Nearly everyone I knew worked for themselves. My grandpa had a roofing business and my grams was the company accountant. My dad worked for himself as a contractor. My step-grandma built and ran a successful property management firm in southern California.

When I quizzed them (and anyone else who did something without a boss), everyone claimed that it was simple. You just start. And don't stop.  They learned a skill, and then instead of trying to find a boss to pay them to do it, they found clients + customers.

But I grew up smart and college-focused. I never considered learning a “trade” and starting my own business. I loved reading. I loved college. I wanted to hang out on campus with a big library and other smart people for the rest of my life. So, I know! I'll be a professor.

And I loved French. I loved the complex system of a language. I loved that it had a kind of logic, while being beautiful. I loved that there was a right and wrong way. Even better, my college's French program was heavily literature-focused. We read a French novel a week, I wrote 20 page research papers about the French Impressionist movement reflected in poetry and music.  It was Tara-heaven.

Those four years devoted to studying what I loved taught me I could devote myself to what I loved.

It's easy to say “Do what you love!” and “Follow your bliss!”
But it's another thing entirely to actually do it. For most people, it's completely out of their range of experiences. If you've spent the first half of your life doing what you're supposed to do, it's not easy to just snap out of it, it's not easy to try something crazy.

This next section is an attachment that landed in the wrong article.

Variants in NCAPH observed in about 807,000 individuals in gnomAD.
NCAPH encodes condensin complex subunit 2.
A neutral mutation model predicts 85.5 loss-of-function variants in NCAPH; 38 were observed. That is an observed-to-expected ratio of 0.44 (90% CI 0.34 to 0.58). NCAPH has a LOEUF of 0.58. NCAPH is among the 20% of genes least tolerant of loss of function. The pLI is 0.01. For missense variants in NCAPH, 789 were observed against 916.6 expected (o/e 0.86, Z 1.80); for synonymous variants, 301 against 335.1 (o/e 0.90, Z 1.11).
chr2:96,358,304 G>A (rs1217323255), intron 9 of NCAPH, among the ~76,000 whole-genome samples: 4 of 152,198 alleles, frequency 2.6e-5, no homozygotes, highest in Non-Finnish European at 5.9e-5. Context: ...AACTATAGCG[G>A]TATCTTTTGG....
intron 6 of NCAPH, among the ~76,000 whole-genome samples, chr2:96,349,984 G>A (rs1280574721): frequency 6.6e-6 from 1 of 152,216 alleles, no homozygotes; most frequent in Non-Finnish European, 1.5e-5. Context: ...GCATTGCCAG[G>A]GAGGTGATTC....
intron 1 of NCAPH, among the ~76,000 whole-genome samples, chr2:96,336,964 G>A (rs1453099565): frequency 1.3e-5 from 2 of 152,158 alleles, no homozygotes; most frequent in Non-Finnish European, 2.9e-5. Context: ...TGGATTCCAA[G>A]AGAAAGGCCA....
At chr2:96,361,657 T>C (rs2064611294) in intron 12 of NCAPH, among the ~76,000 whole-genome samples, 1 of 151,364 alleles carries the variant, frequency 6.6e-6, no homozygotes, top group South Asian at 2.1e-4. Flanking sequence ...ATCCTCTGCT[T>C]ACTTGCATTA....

After studying French and surviving four years of everyone asking, “But what are you going to do with a French degree?” I was prepared. I was already weird.
I had already done my own thing. Although I didn't really think about when I was starting my business or quitting my job, that French degree had made me comfortable with risk, with being bold about the things I love.

And that's all it takes, one small bold step, one tiny proof that you can do it, that you can bring at least a little of what you love into your everyday…

and you start building your business, you begin to trust yourself and your passions.

What experience (no matter how tiny) prepared you to do more of what you love? What choice did you make that gave you the confidence to start your business?


PS. Why didn't I go on with my goal to be a French professor, go to grad school, etc? I student-taught one French class my senior year…and puked every day before the class. My nerves just couldn't take standing in front of a classroom of people.  I decided to take a year off…and in that year I found my first business-runnin' job – more on that in the next post.